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The Creative Issue – News for Creatives | August 5, 2020

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FRENCH FILM FESTIVAL REVIEW: BLIND DATE

FRENCH FILM FESTIVAL REVIEW: BLIND DATE

| On 11, Apr 2016

Two strangers, who are completely opposite in every single way, separated by the thinnest of walls. What could possibly go wrong?

The 2016 Alliance Française French Film Festival brought laughter, discovery, heartbreak, loss, spiritual awakening, friendship and love executed with a sophisticated manner of chicness and classicism to the largest French Film Festival outside of its native country. For the past three weeks, Brisbane audiences were treated to a culture defined by art, music, landscape and innovation.

‘Blind Date’ was a case study into all the elements that comprise a loving relationship. What are the qualities needed? How does chemistry form? And most importantly, which senses are vital?

‘Blind Date’ may seem like a story you may have seen before. Romantic comedies seem to have a set formula. However the film’s unorthodox premise – a love story between two people who have never met in person brought the film into interesting territory. One found oneself asking – where is this going? These characters, who frequently found themselves as outsiders, were extremely relatable as they were a physical embodiment of every doubt and fear we experience as humans. Through their meeting, their story and their journey as well as their small steps in confidence and acceptance, the role of the audience was to witness and to believe. The film does engage with you, hence it winning the COLCOA French Film Festival Audience Award for 2015.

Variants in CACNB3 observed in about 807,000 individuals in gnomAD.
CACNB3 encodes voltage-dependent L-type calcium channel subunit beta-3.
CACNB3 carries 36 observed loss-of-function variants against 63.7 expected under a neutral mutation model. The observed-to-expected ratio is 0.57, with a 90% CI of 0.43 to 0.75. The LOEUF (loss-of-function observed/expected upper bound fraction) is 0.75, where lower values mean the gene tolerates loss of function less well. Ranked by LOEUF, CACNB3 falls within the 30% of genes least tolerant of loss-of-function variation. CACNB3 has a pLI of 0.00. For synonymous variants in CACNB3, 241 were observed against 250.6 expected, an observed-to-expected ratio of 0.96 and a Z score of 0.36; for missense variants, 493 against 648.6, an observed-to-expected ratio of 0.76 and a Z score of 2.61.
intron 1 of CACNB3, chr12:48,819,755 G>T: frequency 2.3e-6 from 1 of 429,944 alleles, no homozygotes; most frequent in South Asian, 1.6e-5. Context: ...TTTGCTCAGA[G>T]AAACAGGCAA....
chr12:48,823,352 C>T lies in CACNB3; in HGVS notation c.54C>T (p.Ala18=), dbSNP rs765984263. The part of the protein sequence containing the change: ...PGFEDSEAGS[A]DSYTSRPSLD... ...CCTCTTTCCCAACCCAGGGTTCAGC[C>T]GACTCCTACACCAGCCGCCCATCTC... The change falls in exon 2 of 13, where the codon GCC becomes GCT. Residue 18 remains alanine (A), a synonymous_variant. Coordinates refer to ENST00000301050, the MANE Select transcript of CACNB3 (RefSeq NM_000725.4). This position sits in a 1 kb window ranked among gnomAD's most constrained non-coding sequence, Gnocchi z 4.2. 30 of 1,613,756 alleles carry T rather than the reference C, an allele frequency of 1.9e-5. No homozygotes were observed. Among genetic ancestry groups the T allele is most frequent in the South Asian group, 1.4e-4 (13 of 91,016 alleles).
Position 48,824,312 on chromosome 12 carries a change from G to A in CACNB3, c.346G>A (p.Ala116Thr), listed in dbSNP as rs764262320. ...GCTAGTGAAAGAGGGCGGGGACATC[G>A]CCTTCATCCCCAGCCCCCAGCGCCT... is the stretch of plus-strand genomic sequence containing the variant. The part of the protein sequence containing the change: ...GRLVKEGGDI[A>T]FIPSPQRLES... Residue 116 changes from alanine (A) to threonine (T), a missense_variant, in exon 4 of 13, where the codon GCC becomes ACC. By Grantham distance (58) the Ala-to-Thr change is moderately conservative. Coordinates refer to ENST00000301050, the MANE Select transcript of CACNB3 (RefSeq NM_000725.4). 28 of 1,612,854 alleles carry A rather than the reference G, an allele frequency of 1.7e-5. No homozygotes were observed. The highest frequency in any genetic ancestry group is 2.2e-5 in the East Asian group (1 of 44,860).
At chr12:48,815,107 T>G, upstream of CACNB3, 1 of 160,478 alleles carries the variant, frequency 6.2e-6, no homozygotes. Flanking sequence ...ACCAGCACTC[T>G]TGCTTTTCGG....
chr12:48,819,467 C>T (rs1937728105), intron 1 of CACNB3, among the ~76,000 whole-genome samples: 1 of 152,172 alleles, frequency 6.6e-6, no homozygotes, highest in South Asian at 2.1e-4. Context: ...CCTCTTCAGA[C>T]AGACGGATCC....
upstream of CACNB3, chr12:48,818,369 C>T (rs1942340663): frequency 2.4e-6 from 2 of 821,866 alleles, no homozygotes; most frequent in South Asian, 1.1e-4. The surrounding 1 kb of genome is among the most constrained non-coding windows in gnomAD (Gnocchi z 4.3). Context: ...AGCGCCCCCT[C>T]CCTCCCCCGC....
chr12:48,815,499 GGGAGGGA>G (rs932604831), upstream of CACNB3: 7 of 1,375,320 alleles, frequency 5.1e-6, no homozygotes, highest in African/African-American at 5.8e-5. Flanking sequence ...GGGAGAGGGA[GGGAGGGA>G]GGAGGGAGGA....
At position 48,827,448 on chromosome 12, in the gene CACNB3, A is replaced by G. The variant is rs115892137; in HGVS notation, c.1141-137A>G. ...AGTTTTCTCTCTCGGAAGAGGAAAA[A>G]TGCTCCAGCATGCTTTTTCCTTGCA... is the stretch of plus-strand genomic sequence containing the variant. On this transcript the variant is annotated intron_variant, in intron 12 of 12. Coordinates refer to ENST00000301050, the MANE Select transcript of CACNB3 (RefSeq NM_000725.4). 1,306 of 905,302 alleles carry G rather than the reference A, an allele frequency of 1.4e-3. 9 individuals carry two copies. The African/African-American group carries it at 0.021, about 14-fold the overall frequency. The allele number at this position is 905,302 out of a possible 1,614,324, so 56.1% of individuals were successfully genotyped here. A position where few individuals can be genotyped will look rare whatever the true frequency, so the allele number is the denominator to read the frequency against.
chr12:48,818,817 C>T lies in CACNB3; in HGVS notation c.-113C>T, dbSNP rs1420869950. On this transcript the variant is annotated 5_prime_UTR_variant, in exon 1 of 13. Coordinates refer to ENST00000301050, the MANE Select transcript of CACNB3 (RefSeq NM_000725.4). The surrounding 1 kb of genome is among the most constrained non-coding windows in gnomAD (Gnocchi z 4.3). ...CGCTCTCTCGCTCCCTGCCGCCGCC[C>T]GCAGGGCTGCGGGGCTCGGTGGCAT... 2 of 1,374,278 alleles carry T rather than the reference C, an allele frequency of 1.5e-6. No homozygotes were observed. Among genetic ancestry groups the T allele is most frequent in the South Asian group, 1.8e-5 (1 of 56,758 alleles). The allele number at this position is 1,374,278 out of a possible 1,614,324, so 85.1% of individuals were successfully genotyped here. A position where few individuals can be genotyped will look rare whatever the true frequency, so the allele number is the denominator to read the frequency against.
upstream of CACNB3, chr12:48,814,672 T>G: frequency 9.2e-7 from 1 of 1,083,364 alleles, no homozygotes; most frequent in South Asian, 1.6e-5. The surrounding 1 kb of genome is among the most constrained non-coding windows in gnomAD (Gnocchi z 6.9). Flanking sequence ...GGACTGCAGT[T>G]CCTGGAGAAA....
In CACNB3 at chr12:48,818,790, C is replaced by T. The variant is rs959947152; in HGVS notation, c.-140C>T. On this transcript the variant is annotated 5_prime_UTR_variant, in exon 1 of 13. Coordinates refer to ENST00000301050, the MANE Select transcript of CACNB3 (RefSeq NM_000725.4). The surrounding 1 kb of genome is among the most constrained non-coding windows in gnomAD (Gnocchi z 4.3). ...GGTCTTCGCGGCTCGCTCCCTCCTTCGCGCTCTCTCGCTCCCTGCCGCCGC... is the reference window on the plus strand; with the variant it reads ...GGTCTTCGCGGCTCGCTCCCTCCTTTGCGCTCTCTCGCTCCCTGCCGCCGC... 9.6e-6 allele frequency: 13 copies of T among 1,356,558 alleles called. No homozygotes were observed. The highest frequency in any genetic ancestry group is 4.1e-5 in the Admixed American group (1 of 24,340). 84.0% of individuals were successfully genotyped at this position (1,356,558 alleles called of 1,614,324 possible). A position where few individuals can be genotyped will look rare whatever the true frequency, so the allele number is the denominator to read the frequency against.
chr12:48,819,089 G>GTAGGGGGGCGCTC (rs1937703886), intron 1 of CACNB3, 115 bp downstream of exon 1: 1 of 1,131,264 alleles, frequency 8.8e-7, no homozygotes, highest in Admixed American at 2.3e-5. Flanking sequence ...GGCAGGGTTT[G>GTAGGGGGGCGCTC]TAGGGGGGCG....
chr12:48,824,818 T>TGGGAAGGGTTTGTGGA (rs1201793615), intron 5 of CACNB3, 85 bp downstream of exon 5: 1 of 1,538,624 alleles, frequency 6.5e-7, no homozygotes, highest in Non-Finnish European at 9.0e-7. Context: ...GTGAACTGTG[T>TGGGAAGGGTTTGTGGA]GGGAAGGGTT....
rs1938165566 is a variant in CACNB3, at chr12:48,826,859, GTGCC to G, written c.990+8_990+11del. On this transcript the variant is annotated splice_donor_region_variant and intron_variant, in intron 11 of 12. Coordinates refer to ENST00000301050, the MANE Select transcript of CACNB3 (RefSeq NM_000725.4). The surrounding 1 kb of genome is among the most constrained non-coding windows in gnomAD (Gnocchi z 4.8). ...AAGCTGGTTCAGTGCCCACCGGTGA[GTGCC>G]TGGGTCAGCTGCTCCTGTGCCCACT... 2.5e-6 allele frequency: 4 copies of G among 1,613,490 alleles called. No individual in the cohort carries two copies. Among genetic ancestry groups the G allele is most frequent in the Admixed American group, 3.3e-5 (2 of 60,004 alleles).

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Director and writer Clovis Cornillac stars as Machin a reclusive man who volunteers himself to be a social outcast and spends his time creating the ultimate and most elaborate puzzle. To do so he needs (and wants) absolute silence and through some mischievous pranks that involve ghost-like antics, he had managed to achieve a neighbour-free existence. That is until he meets his match and threat against his solitude in Machine (Melanie Beriner), a talented concert pianist determined to find and to define herself away from the strict teachings of her overbearing tutor.

At first it is war to see who can make the most noise to drive the other away from the building but bonding over their mutual love of music allowed these two to connect and be heard and seen in an entirely different light. ‘Blind Date’ was a nod to some classic French comedy techniques, incorporating social comedy and comedic partnerships. Techniques that are beloved by French audiences, utilised by filmmakers and successful in presentation, which transcends globally.

Philippe Duquesne and Lilou Fogli star respectively as Machin’s friend and Machine’s sister who serve as the moral reason in this odd romanticised fantasy that a perfect relationship need not to be physical.

 

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Thought-provoking and refreshing, ‘Blind Date’ was a film to lift one’s spirits by embracing what makes us different, what makes us quirky and also what makes us loveable. At times, a relationship where you don’t meet the person proved to be difficult, with trust and physical contact seemingly being the two sides of the metaphoric ‘successful relationship’ coin. However it highlighted how one person’s support can influence another to reconcile with their past and embrace their future. A future no longer hindered by fear, regrets or expectations.

Au Revoir to the Alliance Française French Film Festival for 2016 and ‘merci beaucoup’ for the amazing stories it shared with us.

Image Credits: afffrenchfilmfestival.org